The EEOC further recommends that employers provide their anti-harassment policy to its employees in several different ways, including:

  • At hire;
  • In the employee handbook;
  • At any anti-harassment training; and
  • Posting the policy in the workplace.

Finally, the EEOC recommends that employers translate the policy into all languages commonly used by employees.

With respect to training, the EEOC recommends that employers provide regular interactive, comprehensive anti-harassment training to all employees.

The EEOC further recommends that an employee-level training program should the following elements:

  • Descriptions of prohibited harassment, as well as conduct that if left unchecked, might rise to the level of prohibited harassment;
  • Examples that are tailored to the specific workplace and workforce;
  • Information about employees’ rights and responsibilities if they experience, observe, or become aware of conduct that they believe may be prohibited;
  • Encouragement for employees to report harassing conduct;
  • Explanations of the complaint process, as well as any voluntary alternative dispute resolution processes;
  • Explanations of the information that may be requested during an investigation, including: the name or a description of the alleged harasser(s), alleged victim(s), and any witnesses; the date(s) of the alleged harassment; the location(s) of the alleged harassment; and a description of the alleged harassment;
  • Assurance that employees who report harassing conduct, participate in investigations, or take any other actions protected under federal employment discrimination laws will not be subjected to retaliation;
  • Explanations of the range of possible consequences for engaging in prohibited conduct;
  • Opportunities to ask questions about the training, harassment policy, complaint system, and related rules and expectations; and
  • Identification and provision of contact information for the individual(s) and/or office(s) responsible for addressing harassment questions, concerns, and complaints.

With respect to managerial-level anti-harassment training, the EEOC recommends that these employees receive more in-depth training that also includes the following elements:

  • Information about how to prevent, identify, stop, report, and correct harassment, such as:
    • Identification of potential risk factors for harassment and specific actions that may minimize or eliminate the risk of harassment;
    • Easy to understand, realistic methods for addressing harassment that they observe, that is reported to them, or that they otherwise learn of;
    • Clear instructions about how to report harassment up the chain of command; and
    • Explanations of the confidentiality rules associated with harassment complaints;
  • An unequivocal statement that retaliation is prohibited, along with an explanation of the types of conduct that are protected from retaliation under federal employment discrimination laws, such as:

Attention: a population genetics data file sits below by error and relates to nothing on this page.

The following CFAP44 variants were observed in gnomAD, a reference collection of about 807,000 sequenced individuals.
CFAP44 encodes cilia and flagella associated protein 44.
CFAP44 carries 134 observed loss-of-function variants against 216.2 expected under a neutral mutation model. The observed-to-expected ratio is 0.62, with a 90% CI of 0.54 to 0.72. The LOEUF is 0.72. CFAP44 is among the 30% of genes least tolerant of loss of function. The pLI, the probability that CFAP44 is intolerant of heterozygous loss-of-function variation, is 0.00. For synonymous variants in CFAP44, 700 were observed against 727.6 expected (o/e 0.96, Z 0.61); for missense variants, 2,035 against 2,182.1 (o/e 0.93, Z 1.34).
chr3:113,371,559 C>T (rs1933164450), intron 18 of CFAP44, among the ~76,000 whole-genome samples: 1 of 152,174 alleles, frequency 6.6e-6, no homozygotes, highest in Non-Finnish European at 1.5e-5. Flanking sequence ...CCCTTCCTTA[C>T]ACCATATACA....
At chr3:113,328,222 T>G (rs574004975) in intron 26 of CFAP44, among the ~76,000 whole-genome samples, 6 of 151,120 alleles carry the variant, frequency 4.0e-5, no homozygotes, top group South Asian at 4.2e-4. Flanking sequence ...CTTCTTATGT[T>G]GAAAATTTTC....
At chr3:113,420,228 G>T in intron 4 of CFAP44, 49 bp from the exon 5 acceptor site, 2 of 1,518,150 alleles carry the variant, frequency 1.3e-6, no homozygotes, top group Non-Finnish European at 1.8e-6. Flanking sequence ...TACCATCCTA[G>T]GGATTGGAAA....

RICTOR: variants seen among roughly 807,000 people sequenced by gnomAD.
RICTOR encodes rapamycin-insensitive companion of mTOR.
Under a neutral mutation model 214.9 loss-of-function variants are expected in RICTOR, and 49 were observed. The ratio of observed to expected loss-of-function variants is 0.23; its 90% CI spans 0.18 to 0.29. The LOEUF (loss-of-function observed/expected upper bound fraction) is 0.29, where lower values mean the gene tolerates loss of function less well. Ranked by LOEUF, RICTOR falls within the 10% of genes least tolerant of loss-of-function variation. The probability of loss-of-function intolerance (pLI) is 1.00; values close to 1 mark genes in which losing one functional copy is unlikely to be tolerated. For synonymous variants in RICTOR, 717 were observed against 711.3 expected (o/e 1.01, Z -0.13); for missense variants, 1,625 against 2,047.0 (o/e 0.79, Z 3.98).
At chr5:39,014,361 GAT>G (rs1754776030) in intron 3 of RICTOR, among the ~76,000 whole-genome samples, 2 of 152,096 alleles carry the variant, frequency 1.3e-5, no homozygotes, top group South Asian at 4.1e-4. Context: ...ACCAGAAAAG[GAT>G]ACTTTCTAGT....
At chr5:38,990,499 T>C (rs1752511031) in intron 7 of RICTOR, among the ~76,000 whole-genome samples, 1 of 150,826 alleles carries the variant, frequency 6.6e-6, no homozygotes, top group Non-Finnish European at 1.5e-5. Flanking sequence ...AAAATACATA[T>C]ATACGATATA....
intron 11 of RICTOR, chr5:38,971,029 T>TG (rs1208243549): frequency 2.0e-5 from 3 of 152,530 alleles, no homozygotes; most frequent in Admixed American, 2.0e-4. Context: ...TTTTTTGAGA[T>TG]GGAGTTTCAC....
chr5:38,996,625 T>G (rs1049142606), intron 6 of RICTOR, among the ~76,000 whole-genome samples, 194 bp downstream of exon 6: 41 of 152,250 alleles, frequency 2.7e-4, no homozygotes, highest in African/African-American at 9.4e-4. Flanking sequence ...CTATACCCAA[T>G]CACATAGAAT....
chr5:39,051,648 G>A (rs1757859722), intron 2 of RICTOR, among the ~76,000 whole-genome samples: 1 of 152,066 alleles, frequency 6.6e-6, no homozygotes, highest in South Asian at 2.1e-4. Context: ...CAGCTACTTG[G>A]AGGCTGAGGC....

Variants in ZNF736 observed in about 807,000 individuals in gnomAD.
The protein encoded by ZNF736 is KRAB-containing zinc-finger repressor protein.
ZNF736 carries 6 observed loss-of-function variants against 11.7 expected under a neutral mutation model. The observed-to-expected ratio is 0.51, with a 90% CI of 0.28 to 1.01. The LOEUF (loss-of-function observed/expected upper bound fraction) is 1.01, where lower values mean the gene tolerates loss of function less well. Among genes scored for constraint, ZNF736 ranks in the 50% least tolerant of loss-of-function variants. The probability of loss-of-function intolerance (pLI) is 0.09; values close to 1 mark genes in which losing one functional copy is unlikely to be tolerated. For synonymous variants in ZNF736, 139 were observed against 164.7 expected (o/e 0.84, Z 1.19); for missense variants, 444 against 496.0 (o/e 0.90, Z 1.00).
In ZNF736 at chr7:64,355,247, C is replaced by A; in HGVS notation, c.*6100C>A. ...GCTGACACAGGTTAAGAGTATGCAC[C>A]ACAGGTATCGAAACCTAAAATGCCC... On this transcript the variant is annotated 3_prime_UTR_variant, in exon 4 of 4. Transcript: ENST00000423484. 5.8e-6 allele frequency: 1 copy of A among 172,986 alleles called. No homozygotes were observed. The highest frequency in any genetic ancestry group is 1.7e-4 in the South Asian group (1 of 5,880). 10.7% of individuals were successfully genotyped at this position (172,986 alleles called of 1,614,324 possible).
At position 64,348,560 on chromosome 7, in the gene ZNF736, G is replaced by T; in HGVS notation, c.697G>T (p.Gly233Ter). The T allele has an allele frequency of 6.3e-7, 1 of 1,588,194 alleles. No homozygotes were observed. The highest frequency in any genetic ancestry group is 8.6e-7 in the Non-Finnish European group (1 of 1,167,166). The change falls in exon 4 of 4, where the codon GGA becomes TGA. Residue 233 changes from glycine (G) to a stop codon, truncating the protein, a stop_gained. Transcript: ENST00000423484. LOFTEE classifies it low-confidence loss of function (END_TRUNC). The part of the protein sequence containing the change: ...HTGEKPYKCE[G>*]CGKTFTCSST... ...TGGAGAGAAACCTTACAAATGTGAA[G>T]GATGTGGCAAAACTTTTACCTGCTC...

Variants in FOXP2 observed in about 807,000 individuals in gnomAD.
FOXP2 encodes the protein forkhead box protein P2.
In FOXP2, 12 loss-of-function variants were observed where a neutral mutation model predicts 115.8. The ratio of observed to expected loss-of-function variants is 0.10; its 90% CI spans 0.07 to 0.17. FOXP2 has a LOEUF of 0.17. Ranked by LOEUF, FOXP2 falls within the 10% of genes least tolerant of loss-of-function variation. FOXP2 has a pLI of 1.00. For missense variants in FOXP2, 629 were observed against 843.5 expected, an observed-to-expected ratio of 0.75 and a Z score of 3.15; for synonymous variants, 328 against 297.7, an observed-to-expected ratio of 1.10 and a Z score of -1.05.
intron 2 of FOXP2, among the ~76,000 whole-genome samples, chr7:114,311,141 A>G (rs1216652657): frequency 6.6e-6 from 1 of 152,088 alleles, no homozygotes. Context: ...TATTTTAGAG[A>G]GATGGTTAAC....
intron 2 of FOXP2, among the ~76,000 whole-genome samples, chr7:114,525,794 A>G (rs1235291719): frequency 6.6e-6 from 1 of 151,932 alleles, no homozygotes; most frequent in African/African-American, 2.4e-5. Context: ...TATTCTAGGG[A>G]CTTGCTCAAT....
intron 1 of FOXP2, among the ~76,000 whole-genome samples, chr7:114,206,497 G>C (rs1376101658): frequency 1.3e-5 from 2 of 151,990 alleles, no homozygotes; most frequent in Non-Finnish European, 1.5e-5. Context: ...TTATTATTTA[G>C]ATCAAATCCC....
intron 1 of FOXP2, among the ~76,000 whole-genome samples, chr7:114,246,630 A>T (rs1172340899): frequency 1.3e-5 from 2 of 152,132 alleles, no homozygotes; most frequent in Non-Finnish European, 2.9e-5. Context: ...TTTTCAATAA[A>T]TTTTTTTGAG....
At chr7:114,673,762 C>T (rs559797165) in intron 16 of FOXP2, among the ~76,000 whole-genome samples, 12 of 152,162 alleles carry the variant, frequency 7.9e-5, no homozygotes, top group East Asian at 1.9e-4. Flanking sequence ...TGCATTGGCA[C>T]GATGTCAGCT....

• Complaining or expressing an intent to complain about harassing conduct;
    • Resisting sexual advances or intervening to protect others from such conduct; and
    • Participating in an investigation about harassing conduct or other alleged discrimination; and
  • Explanations of the consequences of failing to fulfill their responsibilities related to harassment, retaliation, and other prohibited conduct.

It is recommended that all employers review these new guidance materials and consider adopting most, if not all, of the EEOC’s recommended best practices.

NEW TOOL: The EEOC Makes It Easier For Employees To File Discrimination Charges

Watch out employers!  The EEOC has joined the digital age by rolling out its new online filing portal, or Public Portal nationwide.  With this new tool, employees are now able to easily initiate a charge with the EEOC.

Using this new system, employees are able to file a discrimination charge with the EEOC online.  In addition to filing a charge, employees are also able to use this system to manage an EEOC charge that was filed on or after January 1, 2016 if the charge is in investigation or mediation.  Specifically, employees who have filed an EEOC charge can use this new portal to:

  • Provide and update contact information;
  • Upload documents to the charge file;
  • Check the status of his or her charge;
  • Agree to mediation; and
  • Receive charge documents and messages from the EEOC.

Could your organization potentially be accused of Employment Discrimination?

Federal law (Title VII) prohibits discrimination based on: race, color, religion, sex (including pregnancy), national origin, mental or physical disability, age, gender, genetic information, and citizenship.

Recently Palantir Technologies in Palo Alto, CA settled a claim of $1.66 million for discrimination against Asian applicants in the hiring and selection process of their engineering positions, even though they employed and hired several Asian candidates. We can take away two lessons from this case: